Moreover, refurbishing timber and steel-based structures is easier than RC structures, which gives MC an advantage [62]. Resultantly, MC sustains the refurbishment and maintenance of modular units, more so than conventional construction, which extends their service life, slowing down the flow of resources. Another facet of MC that significantly contributes to the deceleration of resource loops is the adaptability inherent in prefabricated buildings. This adaptability allows them to serve various purposes throughout their lifespan [62]. For instance, upon decommissioning of modular structures, their components can be used elsewhere in new or existing modular units through reassembly, which reduces the disposal of construction materials. Similarly, when modular units become outdated and unfit to serve as residential apartments, they can be repurposed with minimal modifications to serve as temporary offices or retail spaces for accommodating businesses without having to construct new buildings [63]. Upon the dismantling of prefabricated units, the recovered materials, such as steel and timber, can be repurposed in diverse industries, including automobiles and furniture. Unlike concrete, which primarily serves the construction industry, steel and timber have diverse applications across various industries [63].
Closing the loops aims to create a regenerative system whereby the use of each resource is maximized by techniques like recycling, reusing, and remanufacturing, extending resources’ serviceability [60]. Developing closed-loop systems in the CI has proven to be an uphill task due to multiple barriers like deconstruction difficulty, deficient material traceability, poor reverse logistics of demolished materials, and inefficient management of CDW [64]. However, MC resolves these impediments by fostering the DfD technique that allows for the easy recovery of products, parts, and materials when a building is disassembled or renovated [65]. Construction elements and volumetric units in off-site construction are fabricated following DfD principles, which enables a convenient and efficient disassembly of modular buildings in the later stages of their lifecycle [65]. The efficient deconstruction of modular structures allows up to 70% of the building components to be recycled and reused through take-back mechanisms integral to CE-based business models [66]. The construction of buildings in the form of multiple modules increases material traceability, facilitating their recovery at EoL for renewal and reuse [27]. As a result, modular structures streamline the remanufacturing process, enabling the restoration of products at the end of their lifecycle. This results in a simplified and efficient procedure for reprocessing and renewing products, contributing to the circularity of the MC approach.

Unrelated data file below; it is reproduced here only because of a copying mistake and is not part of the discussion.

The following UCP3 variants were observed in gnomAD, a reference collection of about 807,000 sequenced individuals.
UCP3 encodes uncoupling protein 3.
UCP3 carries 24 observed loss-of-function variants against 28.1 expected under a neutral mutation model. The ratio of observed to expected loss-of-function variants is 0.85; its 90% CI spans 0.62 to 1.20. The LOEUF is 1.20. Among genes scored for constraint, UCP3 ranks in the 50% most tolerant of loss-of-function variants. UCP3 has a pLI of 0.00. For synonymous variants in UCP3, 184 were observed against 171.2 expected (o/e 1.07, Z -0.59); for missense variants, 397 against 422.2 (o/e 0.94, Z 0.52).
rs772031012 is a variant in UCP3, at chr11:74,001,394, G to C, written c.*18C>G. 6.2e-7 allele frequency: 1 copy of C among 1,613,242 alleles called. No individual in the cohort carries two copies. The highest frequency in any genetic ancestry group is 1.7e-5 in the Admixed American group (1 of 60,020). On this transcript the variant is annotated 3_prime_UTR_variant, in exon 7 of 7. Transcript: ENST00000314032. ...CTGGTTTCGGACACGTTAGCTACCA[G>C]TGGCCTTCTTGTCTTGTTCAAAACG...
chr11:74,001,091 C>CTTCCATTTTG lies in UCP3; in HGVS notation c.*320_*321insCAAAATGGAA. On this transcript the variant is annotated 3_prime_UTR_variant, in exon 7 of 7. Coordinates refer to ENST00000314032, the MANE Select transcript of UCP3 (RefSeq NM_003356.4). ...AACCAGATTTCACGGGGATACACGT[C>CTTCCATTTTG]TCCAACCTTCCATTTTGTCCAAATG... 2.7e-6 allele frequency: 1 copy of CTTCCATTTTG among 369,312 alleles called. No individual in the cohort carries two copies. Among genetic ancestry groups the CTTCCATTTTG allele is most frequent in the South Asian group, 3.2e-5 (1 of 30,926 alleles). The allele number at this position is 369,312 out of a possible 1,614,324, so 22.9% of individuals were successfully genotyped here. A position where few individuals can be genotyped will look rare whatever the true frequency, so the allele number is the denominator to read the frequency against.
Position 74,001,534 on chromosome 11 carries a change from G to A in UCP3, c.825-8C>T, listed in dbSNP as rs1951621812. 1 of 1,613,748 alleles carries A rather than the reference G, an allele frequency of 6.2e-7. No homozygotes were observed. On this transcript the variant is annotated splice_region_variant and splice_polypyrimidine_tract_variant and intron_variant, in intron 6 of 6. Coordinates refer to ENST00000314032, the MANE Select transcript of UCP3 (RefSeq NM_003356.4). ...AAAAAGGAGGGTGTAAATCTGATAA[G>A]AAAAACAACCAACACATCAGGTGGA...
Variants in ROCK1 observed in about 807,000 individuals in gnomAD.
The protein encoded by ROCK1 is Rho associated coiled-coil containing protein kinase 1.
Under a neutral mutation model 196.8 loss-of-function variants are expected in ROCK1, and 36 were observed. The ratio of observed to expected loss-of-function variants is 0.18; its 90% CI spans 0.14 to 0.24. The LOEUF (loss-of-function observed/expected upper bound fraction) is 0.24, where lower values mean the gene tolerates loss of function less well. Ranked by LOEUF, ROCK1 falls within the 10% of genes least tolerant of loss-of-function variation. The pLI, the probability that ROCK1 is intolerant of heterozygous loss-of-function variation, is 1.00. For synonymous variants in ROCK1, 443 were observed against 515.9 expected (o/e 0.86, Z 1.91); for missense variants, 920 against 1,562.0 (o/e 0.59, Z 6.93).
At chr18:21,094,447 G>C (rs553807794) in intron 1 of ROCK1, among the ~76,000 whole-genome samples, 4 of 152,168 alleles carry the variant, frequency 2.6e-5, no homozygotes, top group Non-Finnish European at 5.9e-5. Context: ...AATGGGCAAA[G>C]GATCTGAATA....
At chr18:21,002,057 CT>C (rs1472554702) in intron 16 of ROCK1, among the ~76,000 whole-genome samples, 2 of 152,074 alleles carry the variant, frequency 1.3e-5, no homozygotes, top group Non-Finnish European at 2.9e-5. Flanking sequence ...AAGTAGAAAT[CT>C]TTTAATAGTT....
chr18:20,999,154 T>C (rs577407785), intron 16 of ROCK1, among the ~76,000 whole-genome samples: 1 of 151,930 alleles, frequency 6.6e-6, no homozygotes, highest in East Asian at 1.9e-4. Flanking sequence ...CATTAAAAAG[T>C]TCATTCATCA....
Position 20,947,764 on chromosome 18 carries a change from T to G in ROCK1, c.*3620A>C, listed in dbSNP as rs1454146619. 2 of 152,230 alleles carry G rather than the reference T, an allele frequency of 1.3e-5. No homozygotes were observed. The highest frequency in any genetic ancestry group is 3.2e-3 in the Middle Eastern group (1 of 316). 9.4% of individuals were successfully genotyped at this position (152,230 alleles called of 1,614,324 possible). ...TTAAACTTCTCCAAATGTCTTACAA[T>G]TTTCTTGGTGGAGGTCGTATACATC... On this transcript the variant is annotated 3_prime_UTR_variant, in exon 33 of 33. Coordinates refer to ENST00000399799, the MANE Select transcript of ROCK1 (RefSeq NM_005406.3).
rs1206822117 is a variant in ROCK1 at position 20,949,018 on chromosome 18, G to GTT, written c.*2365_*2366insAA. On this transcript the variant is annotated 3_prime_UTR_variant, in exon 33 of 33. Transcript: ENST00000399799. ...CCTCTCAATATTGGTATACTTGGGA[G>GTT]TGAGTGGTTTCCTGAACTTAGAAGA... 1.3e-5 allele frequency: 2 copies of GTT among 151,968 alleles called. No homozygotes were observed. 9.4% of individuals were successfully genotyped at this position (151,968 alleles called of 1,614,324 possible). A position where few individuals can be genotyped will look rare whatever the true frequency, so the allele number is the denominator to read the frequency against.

Similarly, functional modular products with enduring properties retrieved through nondestructive disassembly procedures are recycled immediately, allowing their repeated use across multiple projects [54]. The CDW generated during the fabrication of construction elements can be efficiently sorted and stored in off-site construction due to the controlled environment of modular factories. Therefore, in contrast to conventional construction practices whereby CDW is often relegated to landfills due to insufficient storage and reverse logistics, MC provides a systematic CDW management approach that facilitates the efficient handling of waste materials, thereby supporting recycling initiatives [57]. Therefore, adopting CE strategies facilitated by MC can alleviate the overconsumption of resources in the CI and contribute to the mitigation of CC.
The CI’s unwarranted natural resource consumption actively stimulates CC [67]. Adopting a CE in the CI is essential for alleviating the production of new resources, as the extraction of raw materials and the operations involved in the process are major instigators of CC [67]. MC can uphold CE principles such as narrowing, slowing, and closing the resource loops, making it an instrumental technology in fostering resource efficiency in the CI to reduce CC [66]. From the high recyclability of its building materials to compatibility with DfD, MC enables an efficient consumption of resources across different stages of the project lifecycle, paving the way for CC mitigation [44].